A federal appeals court ruled this week that the federal government must pay a shuttered Colorado health insurance cooperative the $24.5 million in reinsurance payments it owes rather than subtracting the debt from the insurer's larger balance with the government.
The U.S. Court of Appeals for the Federal Circuit's May 17 ruling means that HHS can't "leapfrog" other creditors in Colorado HealthOP's liquidation and must instead pay its debt in full and make a claim against the insurer's estate as a creditor to attempt to collect the balance.
"Put simply, the government argues its ACA debts take priority over all other creditors' claims during Colorado insolvency proceedings," Circuit Judge Kimberly Moore wrote. "We do not agree."
A state court ordered Colorado HealthOP, a not-for-profit insurer set up under the Affordable Care Act, into liquidation in 2016, just three years after its launch. At the time, the government owed the insurer $24.5 million for reinsurance debts under a provision of the Affordable Care Act. On the other hand, the co-op owed HHS about $42 million worth of risk adjustment payments under a different provision of the ACA. A claims court ordered the government to pay. The May 17 ruling affirms the earlier ruling.
Following the co-op's insolvency, HHS requested that it offset the co-op's $42 million risk adjustment debt against the government's smaller reinsurance debt. After various proceedings in state court, the co-op's liquidator, Michael Conway, sued HHS in claims court, seeking direct payment of HHS' reinsurance debt. Conway, who serves as Colorado's Insurance Commissioner, moved for summary judgment before the government answered. The government then opposed and filed a countermotion to dismiss the case.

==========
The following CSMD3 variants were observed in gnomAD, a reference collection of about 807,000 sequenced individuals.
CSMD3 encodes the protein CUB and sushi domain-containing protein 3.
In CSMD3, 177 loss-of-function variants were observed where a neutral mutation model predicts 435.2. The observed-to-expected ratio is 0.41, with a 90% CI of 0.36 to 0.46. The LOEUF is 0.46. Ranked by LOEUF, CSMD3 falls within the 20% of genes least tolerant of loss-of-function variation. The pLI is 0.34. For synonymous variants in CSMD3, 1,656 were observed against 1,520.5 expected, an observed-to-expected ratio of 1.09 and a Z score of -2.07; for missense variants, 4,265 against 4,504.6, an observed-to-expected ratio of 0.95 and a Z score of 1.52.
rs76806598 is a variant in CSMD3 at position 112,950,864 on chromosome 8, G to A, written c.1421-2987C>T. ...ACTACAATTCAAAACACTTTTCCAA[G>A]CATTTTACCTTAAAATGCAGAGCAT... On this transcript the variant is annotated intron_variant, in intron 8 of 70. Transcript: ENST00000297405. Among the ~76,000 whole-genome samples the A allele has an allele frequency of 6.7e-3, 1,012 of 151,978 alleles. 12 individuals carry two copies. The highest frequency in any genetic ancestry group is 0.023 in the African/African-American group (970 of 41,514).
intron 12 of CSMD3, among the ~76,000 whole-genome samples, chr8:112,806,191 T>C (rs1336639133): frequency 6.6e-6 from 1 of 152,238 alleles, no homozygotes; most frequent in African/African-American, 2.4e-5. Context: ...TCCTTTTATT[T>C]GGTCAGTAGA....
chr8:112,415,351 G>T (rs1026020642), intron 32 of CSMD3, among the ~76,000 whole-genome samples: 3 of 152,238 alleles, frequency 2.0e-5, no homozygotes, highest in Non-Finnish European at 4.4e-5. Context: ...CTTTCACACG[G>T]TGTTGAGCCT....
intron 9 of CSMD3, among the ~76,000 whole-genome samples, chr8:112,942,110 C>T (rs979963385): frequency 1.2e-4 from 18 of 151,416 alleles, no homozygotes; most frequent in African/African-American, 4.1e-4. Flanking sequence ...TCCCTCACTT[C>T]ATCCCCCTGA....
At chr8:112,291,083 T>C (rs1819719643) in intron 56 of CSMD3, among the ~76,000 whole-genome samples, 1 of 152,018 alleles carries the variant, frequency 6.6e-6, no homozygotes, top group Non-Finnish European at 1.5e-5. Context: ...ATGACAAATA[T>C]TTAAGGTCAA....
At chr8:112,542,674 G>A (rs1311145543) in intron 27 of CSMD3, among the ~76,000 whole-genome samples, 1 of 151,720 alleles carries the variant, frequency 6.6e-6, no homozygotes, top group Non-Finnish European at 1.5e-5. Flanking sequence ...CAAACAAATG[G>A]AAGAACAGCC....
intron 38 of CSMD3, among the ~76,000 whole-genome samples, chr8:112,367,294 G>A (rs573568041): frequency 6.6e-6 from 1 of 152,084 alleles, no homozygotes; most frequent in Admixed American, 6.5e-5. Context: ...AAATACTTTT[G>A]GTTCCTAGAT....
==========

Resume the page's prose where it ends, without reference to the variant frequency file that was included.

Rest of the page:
Court records show the claims court noted that federal law, not state, controlled whether HHS could offset the debt. The problem, then, was that existing federal law did not address offset during state-law insolvency proceedings. Interpreting Colorado's offset provision, the claims court held that the government was not entitled to offset and ruled in Conway's favor. HHS appealed, prompting the May 17 ruling.
Conway is represented in the case by attorneys with Crowell & Moring, who did not return a request for comment Wednesday. The Justice Department declined to comment.
Colorado regulators forced Colorado HealthOP to stop issuing new policies in 2015 because of its precarious financial situation. At the time, the insurer was the largest company on the state's health insurance exchange, covering more than 80,000 people or about 40% of the exchange market. However, the co-op posted a $23 million net loss in 2014 after borrowing $72 million.
Colorado HealthOP was the seventh health insurance co-op to collapse in 2015. All told, 20 of the original 23 insurance exchanges created under the ACA have closed, according to the National Association of Insurance Commissioners.